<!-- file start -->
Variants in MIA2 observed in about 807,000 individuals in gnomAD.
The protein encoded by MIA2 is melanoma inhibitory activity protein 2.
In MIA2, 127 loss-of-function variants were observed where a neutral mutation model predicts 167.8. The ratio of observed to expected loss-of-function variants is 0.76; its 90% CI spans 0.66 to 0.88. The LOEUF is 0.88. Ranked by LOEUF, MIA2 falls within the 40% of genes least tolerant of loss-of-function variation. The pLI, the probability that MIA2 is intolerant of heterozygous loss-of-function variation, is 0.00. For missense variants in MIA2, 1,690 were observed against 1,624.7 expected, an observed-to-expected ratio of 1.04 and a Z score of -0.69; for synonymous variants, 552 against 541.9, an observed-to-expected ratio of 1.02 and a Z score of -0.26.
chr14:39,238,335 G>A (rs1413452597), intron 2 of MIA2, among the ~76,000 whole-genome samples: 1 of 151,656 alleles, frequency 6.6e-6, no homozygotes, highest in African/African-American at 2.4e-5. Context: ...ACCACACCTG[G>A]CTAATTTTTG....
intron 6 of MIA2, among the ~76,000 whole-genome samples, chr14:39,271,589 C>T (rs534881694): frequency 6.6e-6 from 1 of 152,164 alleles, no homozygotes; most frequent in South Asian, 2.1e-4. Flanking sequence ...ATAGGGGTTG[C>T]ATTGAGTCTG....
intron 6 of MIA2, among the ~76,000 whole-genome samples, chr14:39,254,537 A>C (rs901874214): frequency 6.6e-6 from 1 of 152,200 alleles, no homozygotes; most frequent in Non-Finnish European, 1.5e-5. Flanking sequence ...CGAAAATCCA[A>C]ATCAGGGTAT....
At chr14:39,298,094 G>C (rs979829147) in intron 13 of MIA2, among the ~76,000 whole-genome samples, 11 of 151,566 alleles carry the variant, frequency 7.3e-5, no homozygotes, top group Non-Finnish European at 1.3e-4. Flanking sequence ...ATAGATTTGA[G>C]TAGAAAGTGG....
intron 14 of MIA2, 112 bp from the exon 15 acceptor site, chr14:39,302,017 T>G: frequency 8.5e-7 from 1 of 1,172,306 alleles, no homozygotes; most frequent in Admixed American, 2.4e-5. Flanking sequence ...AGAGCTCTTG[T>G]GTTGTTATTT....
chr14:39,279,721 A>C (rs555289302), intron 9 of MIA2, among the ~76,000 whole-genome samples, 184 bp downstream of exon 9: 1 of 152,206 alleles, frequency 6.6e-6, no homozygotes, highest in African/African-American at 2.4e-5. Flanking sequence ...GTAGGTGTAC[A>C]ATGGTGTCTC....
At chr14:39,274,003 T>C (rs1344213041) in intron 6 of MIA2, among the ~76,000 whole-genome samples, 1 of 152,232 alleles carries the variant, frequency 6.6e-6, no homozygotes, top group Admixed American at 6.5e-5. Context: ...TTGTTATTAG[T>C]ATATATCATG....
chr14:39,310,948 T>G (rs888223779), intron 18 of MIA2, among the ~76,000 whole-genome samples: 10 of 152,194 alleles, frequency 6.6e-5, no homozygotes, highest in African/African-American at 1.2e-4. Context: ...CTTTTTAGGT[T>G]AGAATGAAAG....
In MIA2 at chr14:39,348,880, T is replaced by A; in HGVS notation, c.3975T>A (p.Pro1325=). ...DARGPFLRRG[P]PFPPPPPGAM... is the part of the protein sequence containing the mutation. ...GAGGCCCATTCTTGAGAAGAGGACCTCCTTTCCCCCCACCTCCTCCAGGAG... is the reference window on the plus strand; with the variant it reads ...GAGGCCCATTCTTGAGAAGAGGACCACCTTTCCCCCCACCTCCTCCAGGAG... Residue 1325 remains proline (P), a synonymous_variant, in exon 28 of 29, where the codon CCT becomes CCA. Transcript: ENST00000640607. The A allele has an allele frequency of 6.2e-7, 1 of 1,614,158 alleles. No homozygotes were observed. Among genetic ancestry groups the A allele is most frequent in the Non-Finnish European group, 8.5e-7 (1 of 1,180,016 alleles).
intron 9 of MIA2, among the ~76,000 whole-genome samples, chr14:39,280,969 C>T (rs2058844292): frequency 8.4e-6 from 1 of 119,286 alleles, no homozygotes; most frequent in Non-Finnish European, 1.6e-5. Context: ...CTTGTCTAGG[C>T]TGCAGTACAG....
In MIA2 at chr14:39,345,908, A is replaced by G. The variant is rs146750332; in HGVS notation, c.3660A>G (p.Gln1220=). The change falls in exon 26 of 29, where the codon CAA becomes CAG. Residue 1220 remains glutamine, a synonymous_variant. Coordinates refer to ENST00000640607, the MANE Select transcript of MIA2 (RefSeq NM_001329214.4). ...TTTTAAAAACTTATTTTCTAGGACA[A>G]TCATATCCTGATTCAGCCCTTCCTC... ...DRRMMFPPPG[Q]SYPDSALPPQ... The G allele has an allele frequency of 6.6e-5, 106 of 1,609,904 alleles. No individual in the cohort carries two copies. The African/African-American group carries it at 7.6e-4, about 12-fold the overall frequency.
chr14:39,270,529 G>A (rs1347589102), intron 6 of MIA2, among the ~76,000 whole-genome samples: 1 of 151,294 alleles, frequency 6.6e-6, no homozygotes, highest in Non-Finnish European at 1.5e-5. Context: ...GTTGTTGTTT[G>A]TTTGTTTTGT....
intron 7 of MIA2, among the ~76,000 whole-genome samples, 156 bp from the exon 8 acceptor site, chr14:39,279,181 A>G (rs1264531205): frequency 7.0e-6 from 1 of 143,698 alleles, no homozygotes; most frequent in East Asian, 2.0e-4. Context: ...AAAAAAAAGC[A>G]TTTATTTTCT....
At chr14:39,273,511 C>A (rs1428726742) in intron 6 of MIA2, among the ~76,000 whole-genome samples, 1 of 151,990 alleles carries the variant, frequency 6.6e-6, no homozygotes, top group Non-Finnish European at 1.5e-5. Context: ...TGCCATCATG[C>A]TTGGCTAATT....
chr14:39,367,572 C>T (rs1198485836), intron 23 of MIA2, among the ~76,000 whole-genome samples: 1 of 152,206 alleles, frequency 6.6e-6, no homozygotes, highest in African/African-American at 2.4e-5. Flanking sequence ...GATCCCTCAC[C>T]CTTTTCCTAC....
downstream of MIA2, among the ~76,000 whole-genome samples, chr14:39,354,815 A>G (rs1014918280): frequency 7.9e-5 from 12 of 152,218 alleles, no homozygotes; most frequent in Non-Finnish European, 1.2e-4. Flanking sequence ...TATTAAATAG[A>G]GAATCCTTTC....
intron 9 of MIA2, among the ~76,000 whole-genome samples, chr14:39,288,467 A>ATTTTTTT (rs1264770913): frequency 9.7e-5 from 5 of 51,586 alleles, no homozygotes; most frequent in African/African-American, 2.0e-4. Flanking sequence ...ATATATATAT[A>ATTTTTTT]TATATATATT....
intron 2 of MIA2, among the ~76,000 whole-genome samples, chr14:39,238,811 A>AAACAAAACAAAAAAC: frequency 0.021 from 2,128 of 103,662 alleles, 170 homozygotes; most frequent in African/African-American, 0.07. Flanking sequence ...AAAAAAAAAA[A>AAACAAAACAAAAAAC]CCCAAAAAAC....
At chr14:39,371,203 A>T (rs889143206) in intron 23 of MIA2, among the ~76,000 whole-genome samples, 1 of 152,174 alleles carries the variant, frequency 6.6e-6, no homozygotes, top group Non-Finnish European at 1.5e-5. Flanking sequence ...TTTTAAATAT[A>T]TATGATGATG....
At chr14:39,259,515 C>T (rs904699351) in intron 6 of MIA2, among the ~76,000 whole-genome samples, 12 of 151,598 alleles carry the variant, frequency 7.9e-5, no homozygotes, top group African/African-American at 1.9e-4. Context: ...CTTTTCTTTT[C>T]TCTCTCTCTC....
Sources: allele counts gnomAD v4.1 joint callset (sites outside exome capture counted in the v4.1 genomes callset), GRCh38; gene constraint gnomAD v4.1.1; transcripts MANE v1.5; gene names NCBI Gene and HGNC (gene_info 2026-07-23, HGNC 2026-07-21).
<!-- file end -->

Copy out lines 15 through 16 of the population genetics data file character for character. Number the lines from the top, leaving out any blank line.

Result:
chr14:39,270,529 G>A (rs1347589102), intron 6 of MIA2, among the ~76,000 whole-genome samples: 1 of 151,294 alleles, frequency 6.6e-6, no homozygotes, highest in Non-Finnish European at 1.5e-5. Context: ...GTTGTTGTTT[G>A]TTTGTTTTGT....
intron 7 of MIA2, among the ~76,000 whole-genome samples, 156 bp from the exon 8 acceptor site, chr14:39,279,181 A>G (rs1264531205): frequency 7.0e-6 from 1 of 143,698 alleles, no homozygotes; most frequent in East Asian, 2.0e-4. Context: ...AAAAAAAAGC[A>G]TTTATTTTCT....